Monday, October 15, 2007

Learning to Ride

The mechanics of riding a motorcycle is like doing most things: at first new and possibly intimidating, but eventually routine and accomplished unconsciously. This is a short essay on the mechanics--the how to do it--of riding a motorcycle based on several decades of experience encompassing all aspects of street riding including commuting in high density metropolitan areas to road trips on infrequently used rural back roads. I also refer you to my riding tips blog entry that you might find interesting.

Step 1 - Learn to ride a bicycle.
If you don't know how to ride a bicycle, starting with a motorcycle is not recommended. Learn to ride a bike. Balance and turning on a single track vehicle is the same regardless of whether it is engine powered or pedal powered.

Step 2 - Motorcycle controls.
The hand and foot controls are the same for all motorcycles built since 1975. Count this as an advantage. Some older motorcycles, especially those from Britain, had the gear shift location and shift pattern opposite than other bikes and keeping mental track of this was, at least for me, a herculean task.



The sketch above can, at first, appear busy and therefore intimidating. So, let's focus on those controls associated with riding and leave the others for later.
Specifically, the hand and foot controls:
  • left hand lever operates the clutch
  • left foot lever shifts gears
  • right hand lever operates the front brake
  • right foot lever operates the rear brake
  • right hand grip operates the (twist) throttle


An aside:
Operating a clutch.
Knowing how a clutch works will greatly facilitate your learning to ride a motorcycle if you don't already have experience driving a car with a manual transmission. If you know how to use a manual transmission, skip down.

Sequential shifting.
(The following description is correct for almost all motorcycles. The most common exception will be motorcycles with 4 or 6 speed transmissions.)
Motorcycle transmissions use sequential shifting operated by the left foot. The shift pattern is "1 down, 4 up". This means first gear is engaged by pressing the shift lever down with your toe. Second is engaged by placing your toe under the lever and lifting up. Lift up again for third. Fourth and fifth gear are done the same way.

To down shift, do the opposite: Press the shift lever down with your toe to go from 5th to 4th, press again to 3rd, again to 2nd, and once more for 1st.

Neutral is located "half-way" between first and second. This can be confusing at first and some bikes are particularly difficult to find neutral requiring rocking back and forth at a stop or shifting to neutral before stopping--you'll learn the idiosyncrasies of finding neutral on your bike soon enough.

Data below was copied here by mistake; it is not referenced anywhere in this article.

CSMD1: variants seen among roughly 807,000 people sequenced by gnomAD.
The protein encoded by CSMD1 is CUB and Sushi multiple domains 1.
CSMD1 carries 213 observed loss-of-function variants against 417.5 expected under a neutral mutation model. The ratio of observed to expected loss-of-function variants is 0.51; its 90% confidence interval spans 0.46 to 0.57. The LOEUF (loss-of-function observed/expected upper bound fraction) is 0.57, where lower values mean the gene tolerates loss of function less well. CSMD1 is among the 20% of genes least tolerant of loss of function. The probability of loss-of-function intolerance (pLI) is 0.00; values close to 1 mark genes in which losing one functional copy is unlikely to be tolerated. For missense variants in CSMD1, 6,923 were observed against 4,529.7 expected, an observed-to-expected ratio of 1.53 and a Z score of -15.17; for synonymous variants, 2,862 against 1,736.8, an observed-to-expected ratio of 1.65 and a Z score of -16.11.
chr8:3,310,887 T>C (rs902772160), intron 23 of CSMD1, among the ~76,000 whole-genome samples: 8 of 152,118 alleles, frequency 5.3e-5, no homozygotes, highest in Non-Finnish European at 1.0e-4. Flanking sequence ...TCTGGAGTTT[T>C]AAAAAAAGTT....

Step 3 - Riding.
Ride with your motorcycle-owning friend to an open parking lot. Stop the bike in a clear area and shut it off. Convince your friend to let you sit on the bike. Put both hands on the handle bars, leave the bike on its kick stand, and put both feet on the foot pegs. (Yes, you'll be leaning to the left.) Pull in on the clutch lever with your left hand. Do this several times to get the feel of engaging and disengaging the clutch.

If it feels like only Arnold Schwarzenegger can operate the clutch, then you're on the wrong bike. Find another motorcycle-owning friend and start over with this step.

You can try putting the bike in gear with your left foot, but this is uneventful unless the bike is running. So, give the owner $2 and ask him to buy a soda at 7-Eleven. After out of sight, pull the bike up and raise the kick stand, turn the key, press the starter button, and blip the throttle (biker speak for 'turn quickly') no more than about 1/8th of a turn. Blipping the throttle doesn't help you put it in gear, but it sounds cool.

Pull in the clutch, support the bike by leaning a bit on your right foot, raise your left foot to the foot peg and press the gear shift lever down into first. You'll feel the bike lurch and hear it "clunk." Put both feet on the ground. Slowly (s-l-o-w-l-y) let the clutch lever out (disengage the clutch) until you feel the bike just beginning to move. Pull the clutch back in (engage the clutch). Do this several times until you can anticipate, based on the clutch lever position, when it just begins to engage.

With both feet on the ground, slowly let the clutch out. Just before the clutch begins to engage, twist the throttle slowly and no more than about 1/8 of a turn just as you did when you were looking cool. Continue to engage (let out) the clutch as you turn the throttle keeping your feet out as "out riggers." Never letting go of the clutch lever, let the bike inch forward a foot or so and pull the clutch back in completely and gently squeeze the front brake (right lever) until the bike stops.

After doing this several times, stop the bike, turn the key to off. Extend the kick stand and carefully lower the bike on it. Dismount the bike and give yourself a hand. You just rode a motorcycle.


Step 4 - Practice.
Repeat step 3 until you are moving further and fast enough to confidently raise both feet to the foot pegs. Do not try to do too much too soon. Several small successes are more important than a large one.

Do not ride on the street until you are completely comfortable and confident. Riding on the street requires complete concentration on road conditions and safety, your focus should be on these things and not the mechanics of riding. You want to be able to confidently ride the bike in the parking lot shifting the gears both up and down, braking, and turning. Only after mastering these steps are you ready for the street.


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